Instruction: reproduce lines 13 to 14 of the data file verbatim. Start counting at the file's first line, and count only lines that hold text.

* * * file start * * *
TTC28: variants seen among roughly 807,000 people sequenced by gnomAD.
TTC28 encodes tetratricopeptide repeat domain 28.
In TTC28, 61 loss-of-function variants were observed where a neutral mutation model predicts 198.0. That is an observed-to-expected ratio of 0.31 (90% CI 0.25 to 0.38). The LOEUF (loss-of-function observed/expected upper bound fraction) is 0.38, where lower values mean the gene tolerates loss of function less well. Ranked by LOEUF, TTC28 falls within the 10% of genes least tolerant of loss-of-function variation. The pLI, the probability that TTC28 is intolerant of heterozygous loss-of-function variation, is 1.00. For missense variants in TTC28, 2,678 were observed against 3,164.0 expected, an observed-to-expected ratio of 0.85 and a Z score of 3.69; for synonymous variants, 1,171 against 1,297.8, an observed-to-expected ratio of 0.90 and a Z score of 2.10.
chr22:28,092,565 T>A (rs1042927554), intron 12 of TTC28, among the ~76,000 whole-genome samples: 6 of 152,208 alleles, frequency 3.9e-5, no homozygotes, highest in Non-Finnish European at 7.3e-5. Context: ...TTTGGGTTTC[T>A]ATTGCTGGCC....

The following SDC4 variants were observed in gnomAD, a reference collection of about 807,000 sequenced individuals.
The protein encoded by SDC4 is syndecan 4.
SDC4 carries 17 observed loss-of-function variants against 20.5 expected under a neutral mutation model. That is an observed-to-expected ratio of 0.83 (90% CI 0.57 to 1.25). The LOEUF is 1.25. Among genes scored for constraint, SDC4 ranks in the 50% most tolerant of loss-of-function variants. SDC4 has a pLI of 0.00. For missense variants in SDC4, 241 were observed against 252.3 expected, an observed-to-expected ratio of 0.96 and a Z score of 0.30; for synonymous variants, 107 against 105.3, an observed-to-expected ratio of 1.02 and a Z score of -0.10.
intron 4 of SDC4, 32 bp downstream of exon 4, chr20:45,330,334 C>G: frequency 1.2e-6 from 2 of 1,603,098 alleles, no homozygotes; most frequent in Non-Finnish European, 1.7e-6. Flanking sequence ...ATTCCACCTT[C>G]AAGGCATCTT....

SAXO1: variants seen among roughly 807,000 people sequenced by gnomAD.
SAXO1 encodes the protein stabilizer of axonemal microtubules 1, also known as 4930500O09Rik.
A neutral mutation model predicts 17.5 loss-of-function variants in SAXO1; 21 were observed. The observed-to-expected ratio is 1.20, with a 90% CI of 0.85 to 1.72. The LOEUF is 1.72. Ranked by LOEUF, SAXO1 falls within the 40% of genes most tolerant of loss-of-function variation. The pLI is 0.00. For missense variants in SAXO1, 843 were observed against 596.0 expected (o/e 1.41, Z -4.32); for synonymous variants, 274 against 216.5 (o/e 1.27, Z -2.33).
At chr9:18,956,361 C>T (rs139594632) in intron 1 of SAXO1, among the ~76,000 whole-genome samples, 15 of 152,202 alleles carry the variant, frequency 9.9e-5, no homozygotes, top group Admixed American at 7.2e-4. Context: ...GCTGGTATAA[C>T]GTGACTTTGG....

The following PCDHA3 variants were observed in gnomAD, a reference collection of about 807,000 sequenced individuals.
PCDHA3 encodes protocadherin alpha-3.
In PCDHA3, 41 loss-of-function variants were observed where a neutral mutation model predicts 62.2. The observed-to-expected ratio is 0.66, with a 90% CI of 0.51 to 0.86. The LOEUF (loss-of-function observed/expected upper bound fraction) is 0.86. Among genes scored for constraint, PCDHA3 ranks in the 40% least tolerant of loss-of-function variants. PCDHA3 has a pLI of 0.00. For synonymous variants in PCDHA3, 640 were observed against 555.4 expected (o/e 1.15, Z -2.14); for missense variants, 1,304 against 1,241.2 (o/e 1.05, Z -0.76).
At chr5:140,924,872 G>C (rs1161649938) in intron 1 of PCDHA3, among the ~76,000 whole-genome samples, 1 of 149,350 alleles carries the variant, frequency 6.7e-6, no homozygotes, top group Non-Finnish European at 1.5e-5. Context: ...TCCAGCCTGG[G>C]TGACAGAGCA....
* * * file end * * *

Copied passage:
The following PCDHA3 variants were observed in gnomAD, a reference collection of about 807,000 sequenced individuals.
PCDHA3 encodes protocadherin alpha-3.